But hey, all you sons and daughters of Darwinism out there who think it isn't the dog's fault ever should get your own gated community for you and your pit bull loving friends. I submit to you that your sweet as pie pit has not attacked anyone yet because it's tough to bite down on a toddler while your head is up its ass.
A: Um, are you saying that the pit bull sleeps with you and your girl? And that the dog wakes up from nightmares biting you? And you guys still have that critter? Cuckoo.
Also, you don’t want to call your girl a “freaking moron?” I wonder why. You don't think that would go over too well?
Members of the Pit Bull fan club all have blinders on, like those lamp shades that dogs need to wear on their heads (after being attacked by a pit bull). Humorous mailbag, to say the least. Now please, just get back to sports talk. If I want to talk ``dogs,'' I'll go for a walk around the neighborhood.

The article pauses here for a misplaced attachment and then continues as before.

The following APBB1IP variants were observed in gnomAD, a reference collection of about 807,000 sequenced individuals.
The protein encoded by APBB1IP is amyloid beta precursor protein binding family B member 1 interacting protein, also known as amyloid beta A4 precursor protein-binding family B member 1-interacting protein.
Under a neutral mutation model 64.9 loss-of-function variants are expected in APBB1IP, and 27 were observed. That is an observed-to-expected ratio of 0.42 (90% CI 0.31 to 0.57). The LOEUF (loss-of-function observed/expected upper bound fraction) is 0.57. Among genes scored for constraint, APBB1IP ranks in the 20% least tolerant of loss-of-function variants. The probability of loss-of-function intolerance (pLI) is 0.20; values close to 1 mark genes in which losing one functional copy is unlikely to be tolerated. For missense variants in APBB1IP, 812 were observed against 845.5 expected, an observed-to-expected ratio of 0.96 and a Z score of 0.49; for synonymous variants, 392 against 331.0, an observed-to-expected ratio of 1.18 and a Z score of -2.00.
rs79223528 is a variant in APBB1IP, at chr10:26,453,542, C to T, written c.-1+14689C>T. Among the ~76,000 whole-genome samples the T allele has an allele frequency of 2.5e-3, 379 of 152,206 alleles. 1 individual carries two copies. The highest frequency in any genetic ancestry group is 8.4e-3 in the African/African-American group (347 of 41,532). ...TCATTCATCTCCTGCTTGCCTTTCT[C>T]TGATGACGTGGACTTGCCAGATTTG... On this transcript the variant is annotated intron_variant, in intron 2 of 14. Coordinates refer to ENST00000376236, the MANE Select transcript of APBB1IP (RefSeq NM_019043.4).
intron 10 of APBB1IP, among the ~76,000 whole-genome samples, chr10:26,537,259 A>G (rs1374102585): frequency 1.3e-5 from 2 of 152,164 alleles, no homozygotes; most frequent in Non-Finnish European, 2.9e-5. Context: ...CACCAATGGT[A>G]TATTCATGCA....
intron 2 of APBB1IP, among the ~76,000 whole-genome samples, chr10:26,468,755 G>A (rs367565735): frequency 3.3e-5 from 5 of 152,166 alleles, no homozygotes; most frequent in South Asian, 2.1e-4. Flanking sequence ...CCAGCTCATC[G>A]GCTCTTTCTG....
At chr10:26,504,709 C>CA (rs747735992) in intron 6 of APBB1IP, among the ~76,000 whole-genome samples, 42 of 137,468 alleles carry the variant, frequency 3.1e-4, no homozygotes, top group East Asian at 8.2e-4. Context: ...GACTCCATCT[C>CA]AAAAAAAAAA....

A: Hopefully not a neighborhood with water pails, John.
To: Michael Felger
Have you ever tried to have a conversation with someone and couldn't make eye contact with them? It makes for a choppy conversation….see The Baseball Show.
A: I don’t get it. Does Buck have a wandering eye? Or are you referencing McAdam calling in from some hotel room in Seattle? If it’s the latter, I agree it’s a tough arrangement. The only benefit is that I don’t have to worry about Sean reaching over and giving me a dope slap in the break.
Love The Baseball Show and your other Comcast work, but what the [bleep] did you do to Buckley to piss him off so badly? Big fan of Sean and Lou and Buck, but tell him to not be such a sour puss. It puts a cloud over the show.
Keep up the good work.
A: I’m being honest when I say this. I think it’s my mere presence, Marc.
Just read your column about Brady.